Tuberculous chemoprophylaxis requirements and safety in inflammatory bowel disease patients prior to anti-TNF therapy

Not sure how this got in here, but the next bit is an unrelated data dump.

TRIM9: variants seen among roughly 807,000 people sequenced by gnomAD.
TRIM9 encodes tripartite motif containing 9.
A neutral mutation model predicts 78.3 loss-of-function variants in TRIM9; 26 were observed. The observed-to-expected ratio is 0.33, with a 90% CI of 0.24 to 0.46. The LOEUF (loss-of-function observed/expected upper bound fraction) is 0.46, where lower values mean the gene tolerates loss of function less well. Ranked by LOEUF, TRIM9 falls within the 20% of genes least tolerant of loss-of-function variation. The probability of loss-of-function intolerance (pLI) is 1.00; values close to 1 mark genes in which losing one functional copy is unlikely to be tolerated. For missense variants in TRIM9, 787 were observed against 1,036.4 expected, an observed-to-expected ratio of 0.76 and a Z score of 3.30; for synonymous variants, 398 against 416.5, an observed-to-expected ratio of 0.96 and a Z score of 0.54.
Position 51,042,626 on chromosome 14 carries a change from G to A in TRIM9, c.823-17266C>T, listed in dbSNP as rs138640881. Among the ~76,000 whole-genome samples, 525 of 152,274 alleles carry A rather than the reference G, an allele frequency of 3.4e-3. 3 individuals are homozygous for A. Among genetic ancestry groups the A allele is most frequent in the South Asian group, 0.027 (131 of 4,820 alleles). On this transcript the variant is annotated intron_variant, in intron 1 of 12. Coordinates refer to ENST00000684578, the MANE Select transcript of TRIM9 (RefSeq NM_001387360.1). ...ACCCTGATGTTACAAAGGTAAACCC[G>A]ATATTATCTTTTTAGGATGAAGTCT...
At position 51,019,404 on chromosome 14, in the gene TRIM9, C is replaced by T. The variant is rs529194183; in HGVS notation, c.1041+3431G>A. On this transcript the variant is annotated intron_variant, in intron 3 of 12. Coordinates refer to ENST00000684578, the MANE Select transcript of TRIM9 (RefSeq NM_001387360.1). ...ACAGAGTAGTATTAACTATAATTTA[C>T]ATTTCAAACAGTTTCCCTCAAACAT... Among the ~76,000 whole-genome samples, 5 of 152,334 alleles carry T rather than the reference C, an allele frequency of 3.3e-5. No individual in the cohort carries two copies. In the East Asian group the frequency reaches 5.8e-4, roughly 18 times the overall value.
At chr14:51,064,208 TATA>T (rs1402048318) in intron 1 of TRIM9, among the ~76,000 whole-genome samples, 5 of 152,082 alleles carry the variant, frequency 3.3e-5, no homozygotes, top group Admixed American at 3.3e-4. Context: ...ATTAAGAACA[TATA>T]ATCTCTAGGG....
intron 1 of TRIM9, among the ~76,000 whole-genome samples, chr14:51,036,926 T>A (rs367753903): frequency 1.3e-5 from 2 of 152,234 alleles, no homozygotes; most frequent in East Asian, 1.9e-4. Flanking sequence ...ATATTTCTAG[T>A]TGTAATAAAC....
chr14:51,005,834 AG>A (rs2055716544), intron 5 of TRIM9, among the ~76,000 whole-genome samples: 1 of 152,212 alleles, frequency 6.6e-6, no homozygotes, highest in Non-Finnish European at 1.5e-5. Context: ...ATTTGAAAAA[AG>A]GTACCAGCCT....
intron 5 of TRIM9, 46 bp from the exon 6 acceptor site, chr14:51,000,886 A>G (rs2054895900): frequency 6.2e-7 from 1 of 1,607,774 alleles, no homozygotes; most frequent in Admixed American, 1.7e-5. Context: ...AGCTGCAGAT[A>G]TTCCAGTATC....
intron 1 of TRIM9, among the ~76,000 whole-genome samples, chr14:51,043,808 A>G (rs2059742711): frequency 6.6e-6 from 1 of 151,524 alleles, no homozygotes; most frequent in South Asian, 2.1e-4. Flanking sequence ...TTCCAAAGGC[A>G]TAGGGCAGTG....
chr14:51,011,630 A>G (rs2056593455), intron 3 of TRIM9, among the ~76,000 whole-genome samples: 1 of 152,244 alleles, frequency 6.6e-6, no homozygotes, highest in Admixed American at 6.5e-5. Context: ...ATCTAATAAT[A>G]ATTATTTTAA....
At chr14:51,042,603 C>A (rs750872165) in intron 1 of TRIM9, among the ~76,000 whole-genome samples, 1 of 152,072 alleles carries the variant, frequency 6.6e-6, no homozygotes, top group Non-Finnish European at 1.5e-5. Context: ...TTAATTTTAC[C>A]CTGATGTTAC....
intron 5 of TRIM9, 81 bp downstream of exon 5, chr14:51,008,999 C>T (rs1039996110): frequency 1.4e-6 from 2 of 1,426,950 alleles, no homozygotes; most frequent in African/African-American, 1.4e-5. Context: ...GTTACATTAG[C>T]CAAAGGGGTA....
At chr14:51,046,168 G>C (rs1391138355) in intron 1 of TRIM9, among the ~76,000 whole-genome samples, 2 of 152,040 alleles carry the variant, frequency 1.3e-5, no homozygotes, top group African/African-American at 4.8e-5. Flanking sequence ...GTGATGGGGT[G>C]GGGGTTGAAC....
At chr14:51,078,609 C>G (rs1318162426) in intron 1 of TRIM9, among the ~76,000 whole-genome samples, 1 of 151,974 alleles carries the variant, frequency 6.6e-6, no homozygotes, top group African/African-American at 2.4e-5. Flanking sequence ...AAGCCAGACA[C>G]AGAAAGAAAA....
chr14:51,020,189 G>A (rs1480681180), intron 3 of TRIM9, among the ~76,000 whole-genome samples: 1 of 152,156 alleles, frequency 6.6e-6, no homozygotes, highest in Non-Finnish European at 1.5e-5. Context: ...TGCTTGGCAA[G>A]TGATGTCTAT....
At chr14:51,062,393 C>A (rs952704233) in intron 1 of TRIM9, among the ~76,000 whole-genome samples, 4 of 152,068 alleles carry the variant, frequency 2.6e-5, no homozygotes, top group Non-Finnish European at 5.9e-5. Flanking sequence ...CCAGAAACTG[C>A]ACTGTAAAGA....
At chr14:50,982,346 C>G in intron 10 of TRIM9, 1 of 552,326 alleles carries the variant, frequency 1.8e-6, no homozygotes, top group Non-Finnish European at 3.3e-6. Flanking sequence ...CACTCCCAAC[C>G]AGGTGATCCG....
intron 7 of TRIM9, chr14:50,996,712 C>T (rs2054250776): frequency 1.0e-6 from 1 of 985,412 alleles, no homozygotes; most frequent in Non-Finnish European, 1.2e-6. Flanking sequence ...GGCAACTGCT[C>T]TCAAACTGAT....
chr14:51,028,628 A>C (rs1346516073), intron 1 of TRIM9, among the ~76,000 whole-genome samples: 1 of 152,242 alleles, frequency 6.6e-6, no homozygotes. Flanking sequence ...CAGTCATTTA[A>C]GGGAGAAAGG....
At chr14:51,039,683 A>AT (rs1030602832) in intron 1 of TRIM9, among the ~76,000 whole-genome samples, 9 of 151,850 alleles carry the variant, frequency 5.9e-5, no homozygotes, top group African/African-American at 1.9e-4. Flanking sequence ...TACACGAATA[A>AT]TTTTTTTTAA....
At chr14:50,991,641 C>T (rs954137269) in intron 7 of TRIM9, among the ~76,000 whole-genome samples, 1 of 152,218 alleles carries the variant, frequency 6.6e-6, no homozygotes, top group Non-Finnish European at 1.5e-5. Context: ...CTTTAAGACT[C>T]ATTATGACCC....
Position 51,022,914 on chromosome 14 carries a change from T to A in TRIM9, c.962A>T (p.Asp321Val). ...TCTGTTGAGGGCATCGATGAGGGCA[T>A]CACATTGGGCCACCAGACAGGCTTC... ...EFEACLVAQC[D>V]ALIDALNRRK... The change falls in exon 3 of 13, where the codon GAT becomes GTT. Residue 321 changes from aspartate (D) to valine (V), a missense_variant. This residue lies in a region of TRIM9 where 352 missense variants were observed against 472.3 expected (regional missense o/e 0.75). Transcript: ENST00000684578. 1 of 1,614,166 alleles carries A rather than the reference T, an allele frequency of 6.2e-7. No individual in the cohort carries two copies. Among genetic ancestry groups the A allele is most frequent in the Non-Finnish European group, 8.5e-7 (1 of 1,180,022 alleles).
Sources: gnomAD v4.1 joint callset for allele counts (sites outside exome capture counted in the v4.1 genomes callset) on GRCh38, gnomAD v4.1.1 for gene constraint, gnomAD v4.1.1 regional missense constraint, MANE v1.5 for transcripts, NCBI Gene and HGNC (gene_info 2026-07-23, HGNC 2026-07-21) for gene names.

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Background:Preventive actions are advised since the use of anti-tumor necrosis factor (TNF) agents is known to increase the risk of tuberculosis (TB). No data related to the effectiveness and safety of the preventive chemoprophylaxis (ChP) for TB in inflammatory bowel disease (IBD) patients are available. The goal was to evaluate the requirements, effectiveness, and safety profile of ChP in IBD patient candidates for anti-TNF therapy.Methods:All IBD patients diagnosed with latent TB while evaluated for anti-TNF therapy from the IBD database of 9 Spanish centers were included. Epidemiological and clinical data, risk factors for hepatotoxicity, ChP regimens, and side effects were registered.Results:Sixty-three out of 497 IBD evaluated patients (12.5%) had latent TB. Sixty-eight percent were on immunomodulators and 42% on systemic corticosteroids when a TB skin test (TST) was performed. The detection of a positive TST was done in 86% after a single exposure, but 14% needed a booster. All but 1 were treated with isoniazid alone for 6 or 9 months, and only 1 case required ChP discontinuation because of hepatotoxicity. No risk factors for hepatotoxicity were found. No cases of active TB were noticed in the 67 patients further treated with anti-TNF therapy.Conclusions:More than 10% of Spanish IBD patients who are candidates for anti-TNF therapy have latent TB. TST retest is required to identify at least 14% of such patients; therefore, it should be considered if the initial TST is negative. ChP is safe in IBD patients even in those taking concomitant, potentially hepatotoxic drugs.

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